Demand for World Bank loans rises to record levels

By on 11/04/2016 | Updated on 24/09/2020

Demand for World Bank lending from developing countries reached $23.5bn in 2015 – the highest it has ever been outside a financial crisis, according to figures released today.

With global economic growth projected at 2.9% in 2016 – picking up at a slower pace than previously expected – requests from middle-income countries for help from the World Bank’s International Bank for Reconstruction and Development (IBRD) has been on the up.

The bank expects that demand for these loans in 2016 will easily eclipse last year’s record, with lending projected to rise above $25bn.

Demand for non-lending advisory services, to help clients implement important policy changes, is also higher than ever, the bank reports.

“Developing country governments are feeling the pressure to find additional ways to accelerate growth, in the current downturn,” said Jan Walliser, the bank’s vice president for equitable growth, finance, and institutions.

He added that middle-income countries must now seek to improve long-term growth trends by implementing a “broad set of legal, regulatory, institutional, and even logistical reforms that make investing more attractive.”

“Focusing now on structural reform is the recommendation of both mainstream economists and of G20 governments,” he said.

The IBRD is the original World Bank institution, which was created in 1944 to help Europe rebuild after World War II.

Today, it works closely with the rest of the World Bank Group to help developing countries reduce poverty, promote economic growth, and build prosperity.

It is owned by the governments of its 188 member countries, and supports long-term human and social development that private creditors do not finance; preserves borrowers’ financial strength by providing support in times of crisis when poor people are most adversely affected; promotes key policy and institutional reforms – such as safety net or anti-corruption reforms; creates a favorable investment climate to catalyse the provision of private capital; and facilitates access to financial markets often at more favourable terms than members can achieve on their own.

There are currently 104 countries which fall into the World Bank’s middle-income classification – economies with a gross national income (GNI) per capita of more than $1,045 but less than $12,736.

Compared to that, there are 48 non-OECD and 32 OECD countries which fall into the high income category – i.e. those with a GNI per capita of $12,736 or more.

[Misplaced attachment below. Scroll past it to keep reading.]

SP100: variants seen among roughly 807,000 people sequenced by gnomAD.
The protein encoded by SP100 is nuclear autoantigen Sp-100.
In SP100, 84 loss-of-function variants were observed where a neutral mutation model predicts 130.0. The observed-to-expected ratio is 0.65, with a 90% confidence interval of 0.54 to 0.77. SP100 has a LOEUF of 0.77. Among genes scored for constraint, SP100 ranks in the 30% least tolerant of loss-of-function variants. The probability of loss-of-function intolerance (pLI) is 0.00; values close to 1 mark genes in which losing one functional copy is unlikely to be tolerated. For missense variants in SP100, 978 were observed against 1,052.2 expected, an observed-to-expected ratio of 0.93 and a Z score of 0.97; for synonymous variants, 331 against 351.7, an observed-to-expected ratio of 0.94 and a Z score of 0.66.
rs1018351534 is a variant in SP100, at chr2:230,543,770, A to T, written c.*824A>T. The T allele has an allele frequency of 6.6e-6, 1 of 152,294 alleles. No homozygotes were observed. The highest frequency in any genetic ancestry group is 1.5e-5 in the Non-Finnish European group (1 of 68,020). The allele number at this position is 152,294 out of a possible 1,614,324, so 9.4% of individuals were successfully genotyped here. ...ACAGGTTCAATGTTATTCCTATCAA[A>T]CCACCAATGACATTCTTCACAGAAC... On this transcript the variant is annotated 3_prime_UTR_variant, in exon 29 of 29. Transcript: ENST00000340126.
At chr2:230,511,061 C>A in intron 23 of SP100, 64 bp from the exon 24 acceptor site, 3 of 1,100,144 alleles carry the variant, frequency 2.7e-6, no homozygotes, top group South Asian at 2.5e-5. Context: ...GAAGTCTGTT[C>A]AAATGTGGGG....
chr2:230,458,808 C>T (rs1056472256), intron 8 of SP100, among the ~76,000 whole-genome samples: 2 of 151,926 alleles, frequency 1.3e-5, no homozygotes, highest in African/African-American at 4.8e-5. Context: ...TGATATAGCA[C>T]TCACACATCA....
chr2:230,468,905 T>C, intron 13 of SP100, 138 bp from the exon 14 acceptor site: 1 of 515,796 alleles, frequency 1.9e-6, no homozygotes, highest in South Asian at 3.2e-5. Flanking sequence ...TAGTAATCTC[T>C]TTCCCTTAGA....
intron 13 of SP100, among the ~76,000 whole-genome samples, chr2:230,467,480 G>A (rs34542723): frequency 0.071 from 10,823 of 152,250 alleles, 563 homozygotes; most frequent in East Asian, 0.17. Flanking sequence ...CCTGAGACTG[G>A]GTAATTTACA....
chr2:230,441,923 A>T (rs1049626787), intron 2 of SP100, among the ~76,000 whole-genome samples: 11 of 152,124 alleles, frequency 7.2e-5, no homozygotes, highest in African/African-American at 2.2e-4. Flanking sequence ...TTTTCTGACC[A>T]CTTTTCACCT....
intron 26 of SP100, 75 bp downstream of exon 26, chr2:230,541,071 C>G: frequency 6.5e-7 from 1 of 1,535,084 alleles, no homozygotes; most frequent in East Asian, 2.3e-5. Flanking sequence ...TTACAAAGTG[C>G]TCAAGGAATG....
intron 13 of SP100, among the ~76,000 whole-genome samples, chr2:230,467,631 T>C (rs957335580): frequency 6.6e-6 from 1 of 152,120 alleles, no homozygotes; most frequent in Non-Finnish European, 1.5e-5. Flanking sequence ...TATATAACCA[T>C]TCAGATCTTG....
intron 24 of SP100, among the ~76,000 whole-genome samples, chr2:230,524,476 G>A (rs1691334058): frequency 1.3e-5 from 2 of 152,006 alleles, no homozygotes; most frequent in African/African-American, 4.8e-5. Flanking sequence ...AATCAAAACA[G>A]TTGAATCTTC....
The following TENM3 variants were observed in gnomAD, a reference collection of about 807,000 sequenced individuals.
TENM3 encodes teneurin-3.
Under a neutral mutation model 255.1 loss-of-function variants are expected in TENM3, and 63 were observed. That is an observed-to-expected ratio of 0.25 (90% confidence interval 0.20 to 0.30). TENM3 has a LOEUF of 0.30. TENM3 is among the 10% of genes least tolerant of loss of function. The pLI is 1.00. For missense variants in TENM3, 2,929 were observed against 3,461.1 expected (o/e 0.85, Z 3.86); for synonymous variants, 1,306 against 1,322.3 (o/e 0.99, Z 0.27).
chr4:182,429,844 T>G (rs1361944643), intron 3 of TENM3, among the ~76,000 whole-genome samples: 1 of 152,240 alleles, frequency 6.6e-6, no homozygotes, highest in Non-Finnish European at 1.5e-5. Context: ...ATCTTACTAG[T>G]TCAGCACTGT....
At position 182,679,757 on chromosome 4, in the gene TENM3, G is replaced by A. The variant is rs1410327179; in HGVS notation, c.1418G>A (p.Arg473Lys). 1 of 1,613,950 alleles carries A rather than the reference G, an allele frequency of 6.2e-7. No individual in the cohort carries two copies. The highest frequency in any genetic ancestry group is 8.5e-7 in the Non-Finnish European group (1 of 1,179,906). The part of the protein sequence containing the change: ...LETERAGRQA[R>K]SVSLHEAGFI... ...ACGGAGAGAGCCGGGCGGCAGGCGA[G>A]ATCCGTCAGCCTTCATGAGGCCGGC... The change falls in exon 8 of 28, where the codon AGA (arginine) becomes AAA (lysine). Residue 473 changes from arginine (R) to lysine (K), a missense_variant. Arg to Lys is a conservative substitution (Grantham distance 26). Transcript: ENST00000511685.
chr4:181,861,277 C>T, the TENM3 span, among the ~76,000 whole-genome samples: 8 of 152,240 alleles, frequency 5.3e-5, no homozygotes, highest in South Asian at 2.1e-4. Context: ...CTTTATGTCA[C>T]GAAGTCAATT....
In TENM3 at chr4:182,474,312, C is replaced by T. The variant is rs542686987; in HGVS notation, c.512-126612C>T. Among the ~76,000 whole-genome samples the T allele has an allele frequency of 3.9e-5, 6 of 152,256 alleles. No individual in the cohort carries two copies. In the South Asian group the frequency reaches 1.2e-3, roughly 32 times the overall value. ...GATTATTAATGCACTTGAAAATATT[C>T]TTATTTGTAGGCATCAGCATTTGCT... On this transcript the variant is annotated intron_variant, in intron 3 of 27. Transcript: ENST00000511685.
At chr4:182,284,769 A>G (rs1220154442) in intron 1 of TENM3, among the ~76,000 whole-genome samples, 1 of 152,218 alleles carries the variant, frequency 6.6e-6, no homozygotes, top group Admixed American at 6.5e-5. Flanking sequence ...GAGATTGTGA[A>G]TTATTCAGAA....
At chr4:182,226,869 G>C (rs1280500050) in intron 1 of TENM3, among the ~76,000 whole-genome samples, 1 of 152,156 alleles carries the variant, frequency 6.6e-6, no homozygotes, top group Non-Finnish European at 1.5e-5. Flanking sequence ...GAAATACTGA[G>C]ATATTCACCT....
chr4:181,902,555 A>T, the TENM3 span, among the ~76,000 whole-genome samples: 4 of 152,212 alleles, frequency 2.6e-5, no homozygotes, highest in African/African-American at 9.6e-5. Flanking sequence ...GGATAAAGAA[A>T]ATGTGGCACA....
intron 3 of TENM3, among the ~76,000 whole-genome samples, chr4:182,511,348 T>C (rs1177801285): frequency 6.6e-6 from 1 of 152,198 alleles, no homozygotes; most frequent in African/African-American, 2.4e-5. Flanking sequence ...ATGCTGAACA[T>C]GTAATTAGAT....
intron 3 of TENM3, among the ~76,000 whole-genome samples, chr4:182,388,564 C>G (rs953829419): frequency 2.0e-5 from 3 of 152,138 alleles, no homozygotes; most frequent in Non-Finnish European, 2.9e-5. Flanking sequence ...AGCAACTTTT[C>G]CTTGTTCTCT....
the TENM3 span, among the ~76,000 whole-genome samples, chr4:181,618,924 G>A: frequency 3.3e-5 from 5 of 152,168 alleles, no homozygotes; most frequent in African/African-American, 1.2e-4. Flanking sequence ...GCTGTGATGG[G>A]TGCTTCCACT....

Malawi has the world’s lowest reported GNI per capita at $250, while Monaco has the highest, at more than $100,000 – more than 400 times more per person on average than Malawi.

The World Bank’s latest GNI estimates have shown that several low-income countries moved up to become middle income economies, including Bangladesh, Kenya, Myanmar, Vietnam and Tajikistan.

The 2015 World Bank figures also show that Argentina, Hungary, Seychelles, and Venezuela moved from the middle income category to high income, with average per capita income levels having risen to $12,736 or more.

GNI is a broad-based measure of income generated by a nation’s residents from international and domestic activity.

GNI per capita measures the average amount of resources available to persons residing in a given economy, and reflects the average economic well-being of a population.

Each year on July 1, the World Bank revises the income classification of the world’s economies based on estimates of GNI per capita for the previous year.


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About Winnie Agbonlahor

Winnie is news editor of Global Government Forum. She previously reported for Civil Service World - the trade magazine for senior UK government officials. Originally from Germany, Winnie first came to the UK in 2006 to study a BA in Journalism & Russian at the University of Sheffield. She is bilingual in English and German, and, after spending an academic year abroad in Russia and reporting for the Moscow Times, Winnie also speaks Russian fluently.

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